Courier companies have been deducting the government's wage subsidy from payments made to drivers contracting during lockdown - a move unions say is illegal.
Thousands of drivers have been working around the clock to deliver the skyrocketing volumes of residential freight over the past few weeks.
But despite parcel numbers and hours being higher than ever, their pay has taken a significant hit.
One courier driver - who works for NZ Couriers - told RNZ she was arriving at her depot at 4.15am to start loading up and was not finishing until 6pm most days.
She used to deliver about 300 packages per day, but that had jumped to 600. She said she had been working such long hours she'd had to ask her partner to help so they could run two vehicles to keep up.
Her pay has dropped from an average of $6600 per month to $4800 last month - before tax.
Residential deliveries, which are taking up the vast bulk of their work at the moment, pay between 20c and $1 each.
For the drivers who have helped with thousands of education packs all over the country, it has been especially hard work.
"The stock came down a little bit, for about two weeks we were really, really quiet but then when it jumped up because the volumes doubled and tripled, we're back where we were - and even more so," she said.
Another driver said things were much busier than they were in Christmas, with each of the runs he takes care of tripling in volume.
Most couriers are independent contractors - meaning they should have control over their business, hours and working conditions.
But that was often not the reality of their working situation. During lockdown, NZ Couriers has told drivers to take the government's wage subsidy, which is only available for employees.
Their contract for May states: "For the 12 weeks that the government subsidy applies, $117 per day of contractor remuneration is assumed to have been received, and the company will contribute the balance up to 90 percent of run's listed minimum earnings or tickets redeemed, whichever is greater."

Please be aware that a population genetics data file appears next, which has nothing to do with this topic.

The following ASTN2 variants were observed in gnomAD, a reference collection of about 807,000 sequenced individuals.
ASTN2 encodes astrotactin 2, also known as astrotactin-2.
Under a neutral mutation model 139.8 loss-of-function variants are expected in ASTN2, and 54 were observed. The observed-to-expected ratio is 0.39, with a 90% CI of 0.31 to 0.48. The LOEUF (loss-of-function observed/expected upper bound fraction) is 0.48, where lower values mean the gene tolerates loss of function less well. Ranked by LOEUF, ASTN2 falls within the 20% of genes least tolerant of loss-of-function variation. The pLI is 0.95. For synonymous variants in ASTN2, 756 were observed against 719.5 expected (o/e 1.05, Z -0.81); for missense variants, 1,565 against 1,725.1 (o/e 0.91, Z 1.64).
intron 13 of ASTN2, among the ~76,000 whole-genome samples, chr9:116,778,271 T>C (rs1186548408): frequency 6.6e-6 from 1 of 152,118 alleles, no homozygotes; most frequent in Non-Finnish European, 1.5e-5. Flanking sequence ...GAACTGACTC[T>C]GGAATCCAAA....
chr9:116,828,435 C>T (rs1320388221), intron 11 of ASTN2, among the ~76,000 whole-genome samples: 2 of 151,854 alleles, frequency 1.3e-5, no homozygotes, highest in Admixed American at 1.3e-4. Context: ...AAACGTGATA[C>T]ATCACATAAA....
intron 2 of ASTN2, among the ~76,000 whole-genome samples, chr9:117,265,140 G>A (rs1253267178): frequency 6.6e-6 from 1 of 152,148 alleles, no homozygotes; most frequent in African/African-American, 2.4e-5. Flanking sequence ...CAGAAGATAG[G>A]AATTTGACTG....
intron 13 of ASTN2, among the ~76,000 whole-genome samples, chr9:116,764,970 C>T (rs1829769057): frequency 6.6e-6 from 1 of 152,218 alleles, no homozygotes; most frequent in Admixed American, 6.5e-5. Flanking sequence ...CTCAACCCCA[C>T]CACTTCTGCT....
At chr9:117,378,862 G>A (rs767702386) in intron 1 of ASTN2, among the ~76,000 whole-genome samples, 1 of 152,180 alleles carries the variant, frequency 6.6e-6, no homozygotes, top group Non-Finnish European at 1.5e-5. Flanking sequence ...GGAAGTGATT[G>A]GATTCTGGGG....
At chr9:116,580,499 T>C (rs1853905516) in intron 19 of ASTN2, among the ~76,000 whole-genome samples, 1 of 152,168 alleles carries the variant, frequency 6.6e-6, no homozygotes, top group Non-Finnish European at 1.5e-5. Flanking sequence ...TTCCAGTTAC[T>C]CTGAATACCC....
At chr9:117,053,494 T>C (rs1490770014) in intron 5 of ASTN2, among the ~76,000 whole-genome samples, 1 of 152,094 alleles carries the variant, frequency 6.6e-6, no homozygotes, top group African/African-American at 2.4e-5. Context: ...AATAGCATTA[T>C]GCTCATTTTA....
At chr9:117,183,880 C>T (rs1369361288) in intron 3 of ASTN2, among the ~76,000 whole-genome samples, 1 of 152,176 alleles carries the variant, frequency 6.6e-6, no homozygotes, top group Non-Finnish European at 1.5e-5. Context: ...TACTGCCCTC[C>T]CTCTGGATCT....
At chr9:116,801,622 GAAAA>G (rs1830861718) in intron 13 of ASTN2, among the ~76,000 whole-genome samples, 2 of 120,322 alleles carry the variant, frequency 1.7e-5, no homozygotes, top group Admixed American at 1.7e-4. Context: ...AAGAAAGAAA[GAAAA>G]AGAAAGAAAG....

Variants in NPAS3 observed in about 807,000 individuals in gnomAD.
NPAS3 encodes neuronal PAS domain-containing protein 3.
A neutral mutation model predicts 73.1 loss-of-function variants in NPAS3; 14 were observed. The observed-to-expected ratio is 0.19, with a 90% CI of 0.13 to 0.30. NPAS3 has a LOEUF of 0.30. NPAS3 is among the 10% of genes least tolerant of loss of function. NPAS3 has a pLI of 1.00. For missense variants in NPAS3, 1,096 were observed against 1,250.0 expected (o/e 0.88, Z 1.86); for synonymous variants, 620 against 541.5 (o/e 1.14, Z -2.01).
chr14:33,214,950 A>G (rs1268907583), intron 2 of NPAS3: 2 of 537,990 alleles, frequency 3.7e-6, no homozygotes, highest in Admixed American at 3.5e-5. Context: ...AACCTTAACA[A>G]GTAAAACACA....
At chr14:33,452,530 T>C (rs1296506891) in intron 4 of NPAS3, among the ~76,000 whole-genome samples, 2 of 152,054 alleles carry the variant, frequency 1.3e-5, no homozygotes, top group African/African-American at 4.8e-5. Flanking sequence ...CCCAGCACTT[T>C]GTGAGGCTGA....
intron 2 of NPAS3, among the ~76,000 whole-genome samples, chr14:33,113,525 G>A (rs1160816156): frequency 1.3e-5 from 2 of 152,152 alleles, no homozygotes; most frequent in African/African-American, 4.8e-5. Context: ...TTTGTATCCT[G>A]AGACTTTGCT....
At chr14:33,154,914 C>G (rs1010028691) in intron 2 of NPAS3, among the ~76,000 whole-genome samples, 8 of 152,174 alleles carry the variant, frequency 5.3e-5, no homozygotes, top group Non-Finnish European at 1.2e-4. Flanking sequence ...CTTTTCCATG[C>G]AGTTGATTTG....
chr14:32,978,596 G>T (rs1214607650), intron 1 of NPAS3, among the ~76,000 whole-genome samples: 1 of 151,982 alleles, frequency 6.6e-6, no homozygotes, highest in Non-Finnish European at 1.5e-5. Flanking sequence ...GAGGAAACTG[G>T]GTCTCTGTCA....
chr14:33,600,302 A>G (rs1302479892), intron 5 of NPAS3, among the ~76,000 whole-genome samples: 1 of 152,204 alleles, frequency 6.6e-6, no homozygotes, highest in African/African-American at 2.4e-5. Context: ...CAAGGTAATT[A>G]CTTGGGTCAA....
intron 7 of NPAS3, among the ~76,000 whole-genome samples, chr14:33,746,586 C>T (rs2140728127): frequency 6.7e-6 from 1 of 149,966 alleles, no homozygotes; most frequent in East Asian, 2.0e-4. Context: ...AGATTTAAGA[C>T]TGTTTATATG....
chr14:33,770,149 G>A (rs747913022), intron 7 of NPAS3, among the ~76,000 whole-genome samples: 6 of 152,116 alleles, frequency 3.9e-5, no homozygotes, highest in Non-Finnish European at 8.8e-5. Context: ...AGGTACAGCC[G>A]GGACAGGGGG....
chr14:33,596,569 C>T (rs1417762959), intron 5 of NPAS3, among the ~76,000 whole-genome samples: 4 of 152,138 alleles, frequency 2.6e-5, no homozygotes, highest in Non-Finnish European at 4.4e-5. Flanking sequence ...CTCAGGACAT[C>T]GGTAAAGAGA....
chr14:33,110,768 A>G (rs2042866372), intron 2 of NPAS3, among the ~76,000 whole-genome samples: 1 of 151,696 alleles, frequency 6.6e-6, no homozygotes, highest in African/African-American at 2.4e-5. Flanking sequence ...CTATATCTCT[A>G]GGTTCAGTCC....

Lawyer Garry Pollak said the way Freightways - which owns NZ Couriers and a number of other courier outfits - was approaching the wage subsidy was likely illegal.
"Who benefits from the wage subsidy? It's not the applicant to the wage subsidy who is the contractor, it's the courier company and that's exactly what the wage subsidy scheme is not intended to do."
Mr Pollak last week won a case in the employment court that a courier driver was in fact an employee, despite the company claiming he was an independent contractor
He said the situation with drivers during lockdown was no different - with courier companies wanting to treat their drivers like employees only when it suited them.
"They are taking advantage of the situation to benefit themselves."
Jared Abbott of First Union said it was a similar case for all Freightways contractors.
"It just seems like they're rorting everyone because they're not giving discounts to the customers, they've said themselves that they've got triple the workload that they usually do and then they're taking the money back off the people that are actually entitled to the money.
"It's really a three-way rip off of the customers, their workers and the government."
Courier drivers RNZ spoke to said they had been dismissed or bullied when they tried to raise the issue.
"They've cut a lot of our rates - line hauls and contract rates and fuel subsidies... and when we've challenged the fairness of that, they've said 'well that's what the subsidy is for, it steps in to cover that'."
Freightways said volumes were down between 50 and 60 percent through April, but rose at the start of May they rose to be in line with pre-Covid volume.
It said New Zealand Courier had flagged to contractors that where any minimum monthly earning thresholds were necessary for the May month, they would subsidise up to 90 percent of the threshold, but would "commit to reviewing that towards the end of the month, with a view of bringing it back to 100 percent should trading conditions support it".
In a statement, the Ministry for Business employment and innovation said the Labour Inspectorate was concerned that the situation raised questions about the employment status of the courier drivers and their integration into the business of the courier companies.
"The Inspectorate is pursuing inquiries accordingly."